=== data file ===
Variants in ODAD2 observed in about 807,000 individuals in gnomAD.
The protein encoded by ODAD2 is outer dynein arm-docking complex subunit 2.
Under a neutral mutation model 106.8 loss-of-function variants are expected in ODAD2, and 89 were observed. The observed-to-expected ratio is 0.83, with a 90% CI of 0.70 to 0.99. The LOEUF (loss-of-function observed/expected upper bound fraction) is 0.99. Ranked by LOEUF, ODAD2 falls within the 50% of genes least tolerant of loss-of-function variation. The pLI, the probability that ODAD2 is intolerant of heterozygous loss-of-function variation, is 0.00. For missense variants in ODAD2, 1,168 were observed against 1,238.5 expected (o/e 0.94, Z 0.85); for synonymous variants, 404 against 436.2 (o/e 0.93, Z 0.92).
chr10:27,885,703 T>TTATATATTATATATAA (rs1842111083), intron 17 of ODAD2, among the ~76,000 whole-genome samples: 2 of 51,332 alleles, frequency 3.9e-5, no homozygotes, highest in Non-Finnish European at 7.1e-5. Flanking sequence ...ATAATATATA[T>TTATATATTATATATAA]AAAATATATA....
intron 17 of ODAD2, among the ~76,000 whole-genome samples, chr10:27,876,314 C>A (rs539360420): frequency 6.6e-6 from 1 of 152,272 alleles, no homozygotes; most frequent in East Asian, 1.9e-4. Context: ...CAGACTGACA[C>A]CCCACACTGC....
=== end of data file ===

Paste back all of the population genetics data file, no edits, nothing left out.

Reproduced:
Variants in ODAD2 observed in about 807,000 individuals in gnomAD.
The protein encoded by ODAD2 is outer dynein arm-docking complex subunit 2.
Under a neutral mutation model 106.8 loss-of-function variants are expected in ODAD2, and 89 were observed. The observed-to-expected ratio is 0.83, with a 90% CI of 0.70 to 0.99. The LOEUF (loss-of-function observed/expected upper bound fraction) is 0.99. Ranked by LOEUF, ODAD2 falls within the 50% of genes least tolerant of loss-of-function variation. The pLI, the probability that ODAD2 is intolerant of heterozygous loss-of-function variation, is 0.00. For missense variants in ODAD2, 1,168 were observed against 1,238.5 expected (o/e 0.94, Z 0.85); for synonymous variants, 404 against 436.2 (o/e 0.93, Z 0.92).
chr10:27,885,703 T>TTATATATTATATATAA (rs1842111083), intron 17 of ODAD2, among the ~76,000 whole-genome samples: 2 of 51,332 alleles, frequency 3.9e-5, no homozygotes, highest in Non-Finnish European at 7.1e-5. Flanking sequence ...ATAATATATA[T>TTATATATTATATATAA]AAAATATATA....
intron 17 of ODAD2, among the ~76,000 whole-genome samples, chr10:27,876,314 C>A (rs539360420): frequency 6.6e-6 from 1 of 152,272 alleles, no homozygotes; most frequent in East Asian, 1.9e-4. Context: ...CAGACTGACA[C>A]CCCACACTGC....